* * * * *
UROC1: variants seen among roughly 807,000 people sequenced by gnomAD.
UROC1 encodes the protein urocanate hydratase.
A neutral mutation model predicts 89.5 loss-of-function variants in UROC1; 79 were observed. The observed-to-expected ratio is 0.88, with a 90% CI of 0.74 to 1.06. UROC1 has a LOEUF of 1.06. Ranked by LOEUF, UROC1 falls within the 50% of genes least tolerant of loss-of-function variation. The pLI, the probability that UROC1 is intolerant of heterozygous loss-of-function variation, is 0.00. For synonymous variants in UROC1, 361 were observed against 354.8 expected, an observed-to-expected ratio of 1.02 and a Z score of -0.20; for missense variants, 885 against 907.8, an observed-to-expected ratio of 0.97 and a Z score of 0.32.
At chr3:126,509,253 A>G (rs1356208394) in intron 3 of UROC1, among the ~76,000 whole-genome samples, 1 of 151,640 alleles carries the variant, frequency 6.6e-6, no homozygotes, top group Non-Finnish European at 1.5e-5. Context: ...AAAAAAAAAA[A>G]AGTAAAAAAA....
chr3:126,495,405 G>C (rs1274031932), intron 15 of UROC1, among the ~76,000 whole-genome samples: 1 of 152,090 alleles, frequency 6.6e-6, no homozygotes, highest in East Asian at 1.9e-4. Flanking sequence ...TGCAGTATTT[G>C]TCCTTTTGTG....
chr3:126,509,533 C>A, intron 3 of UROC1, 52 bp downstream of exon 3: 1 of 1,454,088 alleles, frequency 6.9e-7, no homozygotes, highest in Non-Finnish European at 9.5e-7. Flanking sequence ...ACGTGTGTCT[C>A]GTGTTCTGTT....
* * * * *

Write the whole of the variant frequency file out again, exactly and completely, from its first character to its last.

UROC1: variants seen among roughly 807,000 people sequenced by gnomAD.
UROC1 encodes the protein urocanate hydratase.
A neutral mutation model predicts 89.5 loss-of-function variants in UROC1; 79 were observed. The observed-to-expected ratio is 0.88, with a 90% CI of 0.74 to 1.06. UROC1 has a LOEUF of 1.06. Ranked by LOEUF, UROC1 falls within the 50% of genes least tolerant of loss-of-function variation. The pLI, the probability that UROC1 is intolerant of heterozygous loss-of-function variation, is 0.00. For synonymous variants in UROC1, 361 were observed against 354.8 expected, an observed-to-expected ratio of 1.02 and a Z score of -0.20; for missense variants, 885 against 907.8, an observed-to-expected ratio of 0.97 and a Z score of 0.32.
At chr3:126,509,253 A>G (rs1356208394) in intron 3 of UROC1, among the ~76,000 whole-genome samples, 1 of 151,640 alleles carries the variant, frequency 6.6e-6, no homozygotes, top group Non-Finnish European at 1.5e-5. Context: ...AAAAAAAAAA[A>G]AGTAAAAAAA....
chr3:126,495,405 G>C (rs1274031932), intron 15 of UROC1, among the ~76,000 whole-genome samples: 1 of 152,090 alleles, frequency 6.6e-6, no homozygotes, highest in East Asian at 1.9e-4. Flanking sequence ...TGCAGTATTT[G>C]TCCTTTTGTG....
chr3:126,509,533 C>A, intron 3 of UROC1, 52 bp downstream of exon 3: 1 of 1,454,088 alleles, frequency 6.9e-7, no homozygotes, highest in Non-Finnish European at 9.5e-7. Flanking sequence ...ACGTGTGTCT[C>A]GTGTTCTGTT....